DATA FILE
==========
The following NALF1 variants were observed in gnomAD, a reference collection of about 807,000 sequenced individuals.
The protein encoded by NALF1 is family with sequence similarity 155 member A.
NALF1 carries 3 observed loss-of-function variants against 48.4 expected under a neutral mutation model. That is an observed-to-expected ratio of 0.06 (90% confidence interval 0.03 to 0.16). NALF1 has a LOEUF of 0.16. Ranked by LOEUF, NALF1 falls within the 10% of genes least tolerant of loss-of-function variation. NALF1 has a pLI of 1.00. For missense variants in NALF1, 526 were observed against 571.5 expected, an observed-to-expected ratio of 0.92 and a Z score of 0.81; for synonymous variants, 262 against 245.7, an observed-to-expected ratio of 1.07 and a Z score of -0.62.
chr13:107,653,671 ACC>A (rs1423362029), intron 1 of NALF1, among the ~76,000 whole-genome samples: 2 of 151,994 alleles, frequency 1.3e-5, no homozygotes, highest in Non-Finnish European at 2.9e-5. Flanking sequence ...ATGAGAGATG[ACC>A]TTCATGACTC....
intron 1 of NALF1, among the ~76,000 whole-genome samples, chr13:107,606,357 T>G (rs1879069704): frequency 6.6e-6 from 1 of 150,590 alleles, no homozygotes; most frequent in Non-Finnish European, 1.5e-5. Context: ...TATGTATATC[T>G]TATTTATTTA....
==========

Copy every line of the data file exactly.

The following NALF1 variants were observed in gnomAD, a reference collection of about 807,000 sequenced individuals.
The protein encoded by NALF1 is family with sequence similarity 155 member A.
NALF1 carries 3 observed loss-of-function variants against 48.4 expected under a neutral mutation model. That is an observed-to-expected ratio of 0.06 (90% confidence interval 0.03 to 0.16). NALF1 has a LOEUF of 0.16. Ranked by LOEUF, NALF1 falls within the 10% of genes least tolerant of loss-of-function variation. NALF1 has a pLI of 1.00. For missense variants in NALF1, 526 were observed against 571.5 expected, an observed-to-expected ratio of 0.92 and a Z score of 0.81; for synonymous variants, 262 against 245.7, an observed-to-expected ratio of 1.07 and a Z score of -0.62.
chr13:107,653,671 ACC>A (rs1423362029), intron 1 of NALF1, among the ~76,000 whole-genome samples: 2 of 151,994 alleles, frequency 1.3e-5, no homozygotes, highest in Non-Finnish European at 2.9e-5. Flanking sequence ...ATGAGAGATG[ACC>A]TTCATGACTC....
intron 1 of NALF1, among the ~76,000 whole-genome samples, chr13:107,606,357 T>G (rs1879069704): frequency 6.6e-6 from 1 of 150,590 alleles, no homozygotes; most frequent in Non-Finnish European, 1.5e-5. Context: ...TATGTATATC[T>G]TATTTATTTA....